The Best Way to Care for Linden Trees in Denver

Did you know that there are more than thirty species of linden trees in the world, but just four very suited to the Denver climate? Lindens are a popular choice for Colorado landscaping due to their ability to withstand subzero temperatures and alkaline soil conditions. Learn all about how to care for Linden trees so that they can thrive in your landscape.

What Types of Linden Trees Thrive In Denver?

If you’ve heard that Linden trees thrive in Colorado, that’s true. But not all varieties of Lindens are well suited to the front-range climate. The American or Basswood, the Littleleaf, the Redmond, and the Greenspire are the four species of Lindens that flourish in Denver’s alkaline soil and urban conditions. Learn how to identify each:

American Linden

Also called the Basswood, the American Linden is sought after as a shade and statement tree. Easily recognizable with its unique flowers and large, heart-shaped leaves, this Linden species grows to 60 to 80 feet tall with a spread of one-half to two-thirds the height at a medium rate. When young, it has a pyramid shape that grows fuller and rounder with maturity.

The American Linden’s fragrant flowers are attractive to bees, making it linden a potential source of delicious honey. Interestingly, the course, dark green leaves are edible and are often fed to livestock.

A major benefit of this species is that it is highly adaptable. It can tolerate clay and a wide soil pH range. The American Linden grows best in full sun and well-drained soil.  

Littleleaf Linden

This attractive Linden species produces vibrant yellow flowers that hang down on a long stalk attached to a leaf-like wing. Littleleaf Lindens bloom in late summer after most flowering trees have lost their blooms, and their nectar attracts bees and hummingbirds.

The Littleleaf Linden grows in an oval shape at a medium rate and will stand 50–60′ and a spread of around 40′ at maturity. It grows best in full sun or partial shade, and can flourish in acidic, alkaline, moist, rich, sandy, well-drained, wet, and clay soils. Another benefit of this species is that it transplants well.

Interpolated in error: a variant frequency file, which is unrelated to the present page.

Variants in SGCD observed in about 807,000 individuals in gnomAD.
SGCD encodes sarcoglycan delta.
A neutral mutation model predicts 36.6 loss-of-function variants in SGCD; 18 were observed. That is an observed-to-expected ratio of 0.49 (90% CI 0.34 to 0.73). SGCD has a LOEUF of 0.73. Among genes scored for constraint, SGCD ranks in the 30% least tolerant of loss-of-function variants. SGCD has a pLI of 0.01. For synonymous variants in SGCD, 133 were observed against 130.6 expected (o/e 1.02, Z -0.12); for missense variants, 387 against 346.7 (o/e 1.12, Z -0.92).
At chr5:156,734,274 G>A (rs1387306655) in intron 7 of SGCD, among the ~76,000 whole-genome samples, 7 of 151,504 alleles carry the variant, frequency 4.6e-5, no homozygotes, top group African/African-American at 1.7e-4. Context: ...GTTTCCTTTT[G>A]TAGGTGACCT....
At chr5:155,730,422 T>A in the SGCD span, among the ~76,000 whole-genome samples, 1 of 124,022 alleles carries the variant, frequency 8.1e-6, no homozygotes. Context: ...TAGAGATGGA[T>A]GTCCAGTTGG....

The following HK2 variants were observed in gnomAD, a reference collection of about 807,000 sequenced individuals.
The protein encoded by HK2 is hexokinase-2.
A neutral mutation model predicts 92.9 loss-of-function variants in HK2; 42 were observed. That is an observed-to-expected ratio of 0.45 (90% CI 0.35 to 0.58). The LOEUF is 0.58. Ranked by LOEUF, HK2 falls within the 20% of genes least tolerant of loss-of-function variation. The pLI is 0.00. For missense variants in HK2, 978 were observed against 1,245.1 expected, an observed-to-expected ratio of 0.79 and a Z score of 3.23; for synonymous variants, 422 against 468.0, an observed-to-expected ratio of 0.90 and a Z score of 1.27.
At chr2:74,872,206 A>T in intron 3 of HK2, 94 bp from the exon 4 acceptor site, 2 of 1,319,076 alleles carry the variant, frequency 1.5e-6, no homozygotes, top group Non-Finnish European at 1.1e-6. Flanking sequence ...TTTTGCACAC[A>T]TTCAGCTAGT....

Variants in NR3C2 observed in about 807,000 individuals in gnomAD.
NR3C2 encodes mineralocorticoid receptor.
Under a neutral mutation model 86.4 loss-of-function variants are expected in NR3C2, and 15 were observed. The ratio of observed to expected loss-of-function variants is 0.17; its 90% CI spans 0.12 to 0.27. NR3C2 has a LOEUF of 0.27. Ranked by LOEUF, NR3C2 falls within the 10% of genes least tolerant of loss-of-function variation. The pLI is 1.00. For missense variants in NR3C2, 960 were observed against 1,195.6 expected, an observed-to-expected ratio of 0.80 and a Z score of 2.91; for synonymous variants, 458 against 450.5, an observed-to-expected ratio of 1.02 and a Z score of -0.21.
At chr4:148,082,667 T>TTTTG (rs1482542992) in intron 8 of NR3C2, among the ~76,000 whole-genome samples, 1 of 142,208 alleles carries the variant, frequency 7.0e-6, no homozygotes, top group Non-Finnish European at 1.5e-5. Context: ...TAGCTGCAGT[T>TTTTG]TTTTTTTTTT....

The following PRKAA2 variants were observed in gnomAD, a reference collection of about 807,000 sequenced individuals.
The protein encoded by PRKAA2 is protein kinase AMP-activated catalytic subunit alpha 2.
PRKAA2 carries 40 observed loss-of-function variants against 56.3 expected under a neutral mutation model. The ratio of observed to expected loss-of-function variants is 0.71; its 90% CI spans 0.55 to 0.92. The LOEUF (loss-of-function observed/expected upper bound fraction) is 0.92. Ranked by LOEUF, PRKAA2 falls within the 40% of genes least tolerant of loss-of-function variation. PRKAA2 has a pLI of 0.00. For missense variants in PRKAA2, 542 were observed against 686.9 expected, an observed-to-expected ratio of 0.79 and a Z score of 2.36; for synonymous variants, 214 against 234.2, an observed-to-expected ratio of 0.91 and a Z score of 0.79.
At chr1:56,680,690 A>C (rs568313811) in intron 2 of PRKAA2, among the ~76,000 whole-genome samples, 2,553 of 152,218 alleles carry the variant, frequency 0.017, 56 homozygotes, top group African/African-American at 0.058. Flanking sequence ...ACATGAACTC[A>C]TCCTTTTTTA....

Redmond Linden

Like many of the Linden varieties, the Redmond Linden also produces signature flowers starting in the spring and lasting until late summer. “Redmond” flowers are yellowish clusters that attract bees and butterflies. Taller than other Denver Lindens, the Redmond easily stands 75 feet at full maturity in a handsome full, pyramid shape. Its uniquely large leaves can grow up to 8 inches long!

The Redmond Linden grows well in full sun and somewhat drought resistant. It prefers moist, fertile soils and can thrive in warmer temperatures, unlike other Linden species. The Redmond makes an impressive lawn tree and is sought after by homeowners since it is resistant to most pests and diseases. 

Greenspire Linden

Looking for an attractive shade tree? The Greenspire is your best bet! This Linden species holds a tidy spire-like shape with dark green foliage throughout its lifetime. It shows off in the summer with beautiful yellow flowers and in autumn with a bold show of gold leaves. 

Growing at a medium rate in full sunlight, the Greenspire Linden stands about 50 feet tall at maturity. It is ideal for homeowners looking for a low maintenance Linden variety because it is adaptable to both dry and moist locations, and is not preferential to soil type or pH. 

Are Lindens Susceptible to Denver Pests?

When it comes to caring for Linden trees, one of the major factors involved is warding off pests. Every tree species has its weaknesses and the Linden is no exception. These are the top pests known to attack Denver Linden trees:

The Japanese Beetle

  • These pests prey on over 300 species of plants and trees but they are particularly fond of Lindens. 
  • Japanese beetle adults chew flower blossoms and leaves, giving them a skeletonized look. 
  • Japanese beetles have a one year life cycle, emerging in full force from late June through early August. However, some adults may be found into September.
  • They do not kill Linden trees, just render severe damage to their heart-shaped foliage.
  • Japanese Beetle traps are ineffective for the Denver front range zone where the pests are well established. 
  • The most effective control measure is insecticide. It is important to select an insecticide that is not harmful to bees and other pollinators that benefit from Linden blossoms. 

The Linden Aphid

  • Aphids are tiny insects that secrete sap from Linden trees.
  • If left unattended, they can seriously damage or even kill the tree. But with early detection, aphids can be controlled.
  • Aphids are active during mild weather, usually in the spring.
  • The pests leave a sticky honeydew residue on the leaves and bark of trees.
  • If you see aphid eggs or residue hose down your plants to remove them.
  • Insecticides can be used to control large aphid populations, but can also harm natural predators such as lacewings or lady beetles.

The Linden Borer